Poroshenko appoints former NATO chief Rasmussen ‘non-staff adviser’
A former NATO Secretary General has been chosen as a new “non-staff” adviser to Ukrainian President Petro Poroshenko, according to a decree bearing his signature. However, the document implies that the ex-chief is yet to agree to the appointment.
“Appoint Anders Fogh Rasmussen as adviser to the President of Ukraine outside the official staff (subject to his consent),” says the decree also published on the Ukrainian president’s official website.
Rasmussen was the twelfth Secretary General of NATO in the period from August 2009 to September 2014. He was also Danish Prime Minister from 2001 to 2009. In 2014, Poroshenko awarded Rasmussen, who still was NATO Secretary General at that time, with the Order of Freedom – the highest Ukrainian award for foreign citizens – for his “significant personal contribution to the development of cooperation between Ukraine and NATO as well as for considerable support for Ukraine’s sovereignty, independence and territorial integrity.”
Rasmussen is yet to comment and either confirm or deny his appointment. Last year, US Senator John McCain, also appointed by Kiev to a similar position, eventually turned down the proposal claiming that the US constitution prohibited him from getting on board.
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The assignment of the role to Rasmussen comes soon after Ukrainian National Security and Defense Council adopted a program for the reorganization of Ukraine’s defense industry as well as military in line with NATO standards on May 20.
“We are beginning real reorganization of the defense and security sector in order to join NATO,” Poroshenko said at the time, commenting on this decision. He stressed that Ukraine had not been directly making steps for immediate accession to the Alliance but called the move “The Rubicon” that Ukrainian armed forces and the defense industry would have to “pass” to adapt to NATO standards, as reported by TASS.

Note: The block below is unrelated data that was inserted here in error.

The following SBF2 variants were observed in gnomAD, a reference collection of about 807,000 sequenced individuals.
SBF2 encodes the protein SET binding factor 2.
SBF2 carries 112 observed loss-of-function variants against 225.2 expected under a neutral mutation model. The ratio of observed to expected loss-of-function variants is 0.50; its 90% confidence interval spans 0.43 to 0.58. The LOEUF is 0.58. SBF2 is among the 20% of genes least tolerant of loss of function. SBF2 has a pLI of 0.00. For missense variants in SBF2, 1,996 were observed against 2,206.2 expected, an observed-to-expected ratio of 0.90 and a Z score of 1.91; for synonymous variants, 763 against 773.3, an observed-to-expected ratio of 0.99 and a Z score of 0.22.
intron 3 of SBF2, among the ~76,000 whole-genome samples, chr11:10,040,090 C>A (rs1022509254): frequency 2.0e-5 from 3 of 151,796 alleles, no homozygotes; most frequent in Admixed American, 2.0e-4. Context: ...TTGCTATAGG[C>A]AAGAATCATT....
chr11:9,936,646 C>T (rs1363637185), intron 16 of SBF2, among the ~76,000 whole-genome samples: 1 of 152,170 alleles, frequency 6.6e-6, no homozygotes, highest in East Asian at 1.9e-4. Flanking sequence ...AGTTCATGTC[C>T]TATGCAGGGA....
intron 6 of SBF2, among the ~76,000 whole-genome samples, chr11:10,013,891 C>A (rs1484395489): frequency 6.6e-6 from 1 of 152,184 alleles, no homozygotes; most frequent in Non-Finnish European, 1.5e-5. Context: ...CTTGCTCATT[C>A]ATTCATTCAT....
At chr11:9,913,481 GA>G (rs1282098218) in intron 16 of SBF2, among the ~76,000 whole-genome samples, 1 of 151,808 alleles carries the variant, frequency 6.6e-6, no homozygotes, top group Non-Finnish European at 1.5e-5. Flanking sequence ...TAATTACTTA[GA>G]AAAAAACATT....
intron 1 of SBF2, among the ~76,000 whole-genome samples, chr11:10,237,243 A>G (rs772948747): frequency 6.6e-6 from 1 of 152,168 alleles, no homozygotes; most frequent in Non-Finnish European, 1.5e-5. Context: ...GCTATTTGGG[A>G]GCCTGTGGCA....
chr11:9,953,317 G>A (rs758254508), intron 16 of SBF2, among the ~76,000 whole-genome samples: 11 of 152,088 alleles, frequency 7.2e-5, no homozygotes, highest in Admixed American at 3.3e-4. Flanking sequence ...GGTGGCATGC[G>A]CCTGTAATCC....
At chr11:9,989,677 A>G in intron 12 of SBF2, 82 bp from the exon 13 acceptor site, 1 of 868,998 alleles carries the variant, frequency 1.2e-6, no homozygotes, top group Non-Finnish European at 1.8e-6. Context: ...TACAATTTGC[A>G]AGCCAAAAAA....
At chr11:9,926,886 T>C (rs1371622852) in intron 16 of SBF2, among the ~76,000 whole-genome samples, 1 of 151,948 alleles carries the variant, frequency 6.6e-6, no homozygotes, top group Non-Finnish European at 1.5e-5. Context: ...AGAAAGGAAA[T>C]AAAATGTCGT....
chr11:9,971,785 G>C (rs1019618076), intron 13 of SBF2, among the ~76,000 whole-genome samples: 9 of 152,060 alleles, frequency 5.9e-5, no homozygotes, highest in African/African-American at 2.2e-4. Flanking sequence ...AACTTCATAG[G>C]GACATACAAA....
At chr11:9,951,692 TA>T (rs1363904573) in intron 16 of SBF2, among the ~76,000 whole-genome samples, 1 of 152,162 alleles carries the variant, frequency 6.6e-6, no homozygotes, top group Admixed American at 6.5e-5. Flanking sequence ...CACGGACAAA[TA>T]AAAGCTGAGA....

The deputy head of the Russian parliament’s defense committee, Sergey Zhigarev, called Rasmussen’s appointment to the position of the presidential adviser a sign of the Ukrainian president’s mistrust of his own people.
“This is a very bad sign. It shows that he [Poroshenko] does not trust his own citizens that entrusted him with leading their country,” Zhigarev told Sputnik.
In the meantime, Rasmussen is not the first foreign citizen in Ukraine’s Presidential Administration as some foreigners even held ministerial posts in the Ukrainian government. In 2014, Poroshenko appointed Natalie Ann Jaresko, an American-born Ukrainian investment banker, as Ukraine's Minister of Finance, while former Georgian Health Minister Alexander Kvitashvili took the post of the head of the Ukrainian Health ministry and Aivaras Abromavicius, a Lithuanian businessman, became Ukraine's Minister of Economy and Trade. They held their posts till the new government was installed in April 2016.
Leszek Balcerowicz, Poland’s former deputy prime minister, now serves as Poroshenko’s representative in the Ukrainian government while former Slovakian Finance Minister Ivan Miklos is now the head of a group of Ukrainian prime minister’s advisers.
Meanwhile, former Georgian President Mikhail Saakashvili, wanted for trial on corruption charges at home, was granted Ukrainian citizenship so that he could take the post of the Ukrainian Odessa region.
Saakashvili was appointed as governor of Ukraine’s Odessa Region in May of 2015, after which he brought in several members of his old Georgian team, including Ukraine’s current national police chief Khatia Dekanoidze, who was Georgia’s education minister; Deputy Interior Minister Eka Zguladze, who held a similar position in the Georgian government; Deputy General Prosecutor David Sakvarelidze, who held a similar position in the Georgian government as well, and was also Saakashvili’s lawyer; and Gizo Uglava, Ukraine’s current Head of the Anticorruption Bureau and Georgia’s former deputy general prosecutor.